Having the Conversation

Family business. Financial planning
Trust, transparency and triumph—the gift of your family’s future.

Written for EO by Susan Michel, founder and CEO of Glen Eagle.

Whether we have aging parents, adult children or both, we all should consider having an honest conversation about the future. If there’s one lesson I have learned from working with families over the years, it’s that elderly parents often regret that they didn’t start a dialogue with their adult children sooner. With 76 million American baby boomers moving into the retirement stage of their lives, there is a huge opportunity and need for families to start having these conversations today.

While these conversations cause all of us to come face to face with our own mortality and the possibility that health-related issues may result in a diminished capacity, the alternative—not having the discussion—can result in tension, misunderstandings and, ultimately, your wishes not being followed.

How Do You Begin?

One way to start these conversations is for parents to talk about their life journey. As parents, we often assume that our children know the struggles we went through earlier in our lives. However, children are often unaware of decisions we made or why we made certain choices. By starting this dialogue, it helps to builds up understanding. These conversations also provide an opportunity to discuss how the parents dealt with their own aging parents. This scenario allows parents and children to gently open up about what feels appropriate going forward depending on varying situations.

Fear of unwanted or unanticipated change can make people of any generation nervous. To quell any anxiety, it’s helpful to take a partnership approach with family members. Consider how they feel and guide them through the prospects of change.   This is not just an issue for parents; it’s also an issue for children. For example, do family members have certain assumptions about what role they or others will play? If these issues are not addressed before a crisis, it can cause resentment among siblings or even tear a family apart.

The most successful families I have worked with focus on what I call “The Three T’s: Transparency, Trust and Triumph.”

When families build transparency and trust, they typically triumph over any obstacles that may arise when life changes or crises occur. Conversations typically start by taking small, non-threatening steps in discussing what the future can look like for both the parents and their adult children.

Here are four tips on how to create transparency and trust:

  1. Allay fears and maintain dignity. Adults who wish to help their elderly parents with their finances can start by offering to learn from them, and then gradually take care of regular bills on a monthly basis when necessary. Start the sentence with “Because,” as in “Because I believe you and I can work best together if we share the information,” or “Because it will give me more peace of mind if I can help in case of emergency.”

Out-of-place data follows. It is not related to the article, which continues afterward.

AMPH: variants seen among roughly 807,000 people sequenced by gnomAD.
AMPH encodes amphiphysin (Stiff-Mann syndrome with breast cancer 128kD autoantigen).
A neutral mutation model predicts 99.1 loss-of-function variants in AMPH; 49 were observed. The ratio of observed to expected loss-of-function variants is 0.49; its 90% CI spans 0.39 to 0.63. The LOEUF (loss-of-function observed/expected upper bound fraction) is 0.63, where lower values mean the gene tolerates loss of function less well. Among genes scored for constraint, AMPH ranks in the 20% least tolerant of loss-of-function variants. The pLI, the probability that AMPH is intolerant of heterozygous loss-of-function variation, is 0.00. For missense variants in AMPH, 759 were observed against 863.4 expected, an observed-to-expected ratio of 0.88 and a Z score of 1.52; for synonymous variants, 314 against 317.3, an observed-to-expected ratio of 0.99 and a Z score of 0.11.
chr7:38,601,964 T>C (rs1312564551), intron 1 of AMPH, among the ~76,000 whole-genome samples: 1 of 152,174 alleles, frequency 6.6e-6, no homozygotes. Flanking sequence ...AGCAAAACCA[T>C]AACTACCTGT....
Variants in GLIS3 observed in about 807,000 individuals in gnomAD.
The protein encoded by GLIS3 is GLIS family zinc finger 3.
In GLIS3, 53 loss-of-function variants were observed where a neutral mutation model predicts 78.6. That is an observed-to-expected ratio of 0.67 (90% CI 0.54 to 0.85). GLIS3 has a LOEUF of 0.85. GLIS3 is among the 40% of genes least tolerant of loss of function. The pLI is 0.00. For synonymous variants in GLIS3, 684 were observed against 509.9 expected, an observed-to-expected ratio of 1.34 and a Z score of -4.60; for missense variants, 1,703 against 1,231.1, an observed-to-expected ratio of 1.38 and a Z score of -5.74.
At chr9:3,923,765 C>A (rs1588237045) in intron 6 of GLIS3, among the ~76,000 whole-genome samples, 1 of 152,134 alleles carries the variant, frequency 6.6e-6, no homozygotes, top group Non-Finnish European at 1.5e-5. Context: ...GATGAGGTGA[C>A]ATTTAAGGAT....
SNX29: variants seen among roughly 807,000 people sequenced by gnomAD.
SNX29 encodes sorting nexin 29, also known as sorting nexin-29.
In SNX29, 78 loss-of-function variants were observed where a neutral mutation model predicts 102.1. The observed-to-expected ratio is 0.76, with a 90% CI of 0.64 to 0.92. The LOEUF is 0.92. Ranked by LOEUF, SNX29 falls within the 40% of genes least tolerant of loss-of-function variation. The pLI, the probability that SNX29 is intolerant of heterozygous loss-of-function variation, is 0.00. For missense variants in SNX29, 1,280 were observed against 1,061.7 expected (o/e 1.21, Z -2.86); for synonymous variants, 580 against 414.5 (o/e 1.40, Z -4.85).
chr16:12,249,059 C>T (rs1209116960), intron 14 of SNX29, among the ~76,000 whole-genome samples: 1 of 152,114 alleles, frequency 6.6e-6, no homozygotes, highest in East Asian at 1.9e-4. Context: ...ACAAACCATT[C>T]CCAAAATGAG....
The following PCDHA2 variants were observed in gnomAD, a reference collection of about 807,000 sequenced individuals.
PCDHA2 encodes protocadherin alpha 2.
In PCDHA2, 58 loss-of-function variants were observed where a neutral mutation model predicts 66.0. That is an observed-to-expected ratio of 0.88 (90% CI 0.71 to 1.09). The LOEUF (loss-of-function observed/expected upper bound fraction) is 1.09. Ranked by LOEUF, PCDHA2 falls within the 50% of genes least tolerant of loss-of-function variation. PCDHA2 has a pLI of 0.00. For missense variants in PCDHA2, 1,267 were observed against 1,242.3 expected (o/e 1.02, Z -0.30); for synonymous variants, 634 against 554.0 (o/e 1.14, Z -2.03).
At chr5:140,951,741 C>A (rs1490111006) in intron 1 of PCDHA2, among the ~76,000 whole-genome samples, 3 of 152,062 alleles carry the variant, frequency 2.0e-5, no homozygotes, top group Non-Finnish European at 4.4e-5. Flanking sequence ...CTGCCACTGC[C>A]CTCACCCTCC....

2. Set aside sibling rivalry. Likewise, if parents are considering asking their adult children to serve as executors or trustees, they should think objectively about who has the personality to work well with the other siblings, and who has the maturity to take on the responsibility. It may not be the eldest who can “play well with others.”
  3. Assign roles early on. It’s best to have one executor, one health care proxy and one trustee in order to avoid gridlock in vital decisions that can involve a loved one’s care. Parents should discuss the team approach with all of their children and make sure that everyone is aware of their wishes and intentions. Encourage everyone (parents and children) to share their feelings. Take the opportunity to deal with any conflicts now. Later on, you may not be able to do anything about unresolved conflicts due to diminished capacity.
  4. Don’t assume children will carry on the family business. Your business and employees deserve the best-prepared and most committed leader they can have, so it’s never too soon to start envisioning a succession planning process. Preparing for the next generation of a family business is an entire topic in itself, but if a family business is involved, it is even more important to establish open communication early on. It’s key to preventing misunderstandings. It’s better to know the children’s interest or intentions upfront to avoid placing them under pressure to take on a role they do not want or are unprepared to fill.

In summary, it’s an incredible gift for parents and adult children to be part of the conversation when everyone can participate fully. By starting early, families have the chance to bridge misunderstandings, raise questions, and give people the chance to think about their answers over time.

Susan Michel EO NJSusan Michel is founder and CEO of Glen Eagle, an award-winning financial services firm based in Kingston, NJ. Offering both advisory and broker dealer services, Glen Eagle takes an educational, holistic approach to meeting its clients’ long-term goals. Susan is a member of Entrepreneurs’ Organization.

Categories: FINANCES Legacy


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